Northrop Grumman Reports Q4 Loss on B-21 Stealth Bomber Costs

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Northrop Grumman Corp.’s stock experienced a 6% decrease on Thursday following the defense contractor’s announcement of a fourth-quarter loss attributed to expenses associated with the production launch of its B-21 stealth bomber.

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Uncertainty Surrounding Cost Overruns

The company has also indicated that it may encounter cost overruns related to the advanced bomber, which has the capability to operate autonomously without human pilots on board.

Defense Contractors Facing Budget Constraints

Northrop, along with other defense contractors, is grappling with escalating costs and a diminished likelihood of receiving inflation payments from the U.S. government.

According to the company’s financial report, it incurred a loss of $535 million, or $3.54 per share, during the period ending on December 31. In the same quarter the previous year, it achieved a profit of $2.08 billion, or $13.46 per share.

Impact of B-21 Production Phase

The most recent quarter was significantly affected by expenses amounting to $1.56 billion, or $7.72 per share, stemming from the initial production phase of Northrop’s B-21 stealth bomber.

Despite these setbacks, Chief Executive Kathy J. Warden expressed confidence in the company’s ability to fulfill its future objectives, which remain unchanged.

Northrop Grumman Faces Challenges in B-21 Program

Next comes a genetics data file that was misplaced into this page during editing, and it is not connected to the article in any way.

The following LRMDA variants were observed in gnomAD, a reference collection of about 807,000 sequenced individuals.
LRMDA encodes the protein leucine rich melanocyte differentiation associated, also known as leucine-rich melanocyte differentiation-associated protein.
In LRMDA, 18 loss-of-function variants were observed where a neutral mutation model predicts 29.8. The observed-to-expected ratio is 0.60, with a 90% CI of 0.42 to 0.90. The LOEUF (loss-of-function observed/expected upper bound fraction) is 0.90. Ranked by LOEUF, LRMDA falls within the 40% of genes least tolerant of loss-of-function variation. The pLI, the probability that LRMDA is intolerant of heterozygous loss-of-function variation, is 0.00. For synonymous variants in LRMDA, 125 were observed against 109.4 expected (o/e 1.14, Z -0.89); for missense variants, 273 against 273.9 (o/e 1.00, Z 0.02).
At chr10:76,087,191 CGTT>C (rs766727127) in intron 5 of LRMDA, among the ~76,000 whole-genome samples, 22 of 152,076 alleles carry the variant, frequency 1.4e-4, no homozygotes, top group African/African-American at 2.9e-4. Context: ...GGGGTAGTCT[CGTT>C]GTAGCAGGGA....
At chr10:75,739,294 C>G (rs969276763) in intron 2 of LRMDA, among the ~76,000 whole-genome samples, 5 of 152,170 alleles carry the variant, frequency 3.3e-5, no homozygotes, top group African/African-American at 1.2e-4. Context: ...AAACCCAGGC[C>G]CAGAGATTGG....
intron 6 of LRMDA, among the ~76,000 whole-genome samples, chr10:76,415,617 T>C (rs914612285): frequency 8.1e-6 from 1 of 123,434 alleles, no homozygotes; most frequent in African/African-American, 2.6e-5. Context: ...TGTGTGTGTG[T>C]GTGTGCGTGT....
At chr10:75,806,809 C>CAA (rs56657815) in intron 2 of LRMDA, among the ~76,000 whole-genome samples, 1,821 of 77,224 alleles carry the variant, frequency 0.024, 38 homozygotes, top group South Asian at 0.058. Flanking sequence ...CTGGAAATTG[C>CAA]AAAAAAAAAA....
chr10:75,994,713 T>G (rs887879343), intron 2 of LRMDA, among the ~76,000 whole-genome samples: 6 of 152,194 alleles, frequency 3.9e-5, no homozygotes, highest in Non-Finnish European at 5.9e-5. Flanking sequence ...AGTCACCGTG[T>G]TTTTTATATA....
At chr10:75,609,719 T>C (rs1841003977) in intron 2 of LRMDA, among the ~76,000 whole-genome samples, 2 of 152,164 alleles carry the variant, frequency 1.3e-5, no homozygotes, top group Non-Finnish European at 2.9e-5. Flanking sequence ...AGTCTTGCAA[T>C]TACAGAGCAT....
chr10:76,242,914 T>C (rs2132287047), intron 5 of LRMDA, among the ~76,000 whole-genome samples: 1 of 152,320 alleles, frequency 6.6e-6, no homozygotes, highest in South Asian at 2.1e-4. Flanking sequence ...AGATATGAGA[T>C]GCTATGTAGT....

Vertical Research Partners analyst Robert Stallard has raised concerns about Northrop Grumman’s B-21 program, which has recently entered the low-rate initial production (LRIP) phase. Stallard notes that although Northrop had already anticipated no profit during this phase, the company’s $1.5 billion charge is alarming. He adds that with several more years remaining on the contract, further overruns are possible.

Additionally, Northrop Grumman incurred a fourth-quarter charge of $316 million due to a mark-to-market loss on its pension program. Even after excluding these charges, the company would have earned $6.25 per share, surpassing analysts’ expectations of $5.80 per share.

On the positive side, Northrop Grumman saw a 6% increase in sales, reaching $10.6 billion for the quarter, exceeding the FactSet consensus estimate of $10.43 billion. Looking ahead to 2024, the company anticipates sales ranging from $40.8 billion to $41.2 billion, slightly below analysts’ expectations of $41.1 billion.

Moreover, adjusted earnings are projected to fall between $24.45 and $24.85 per share, surpassing the analyst estimate of $24.28 per share.

Also read: RTX’s Stock Rises Despite Pratt & Whitney Engine Issues

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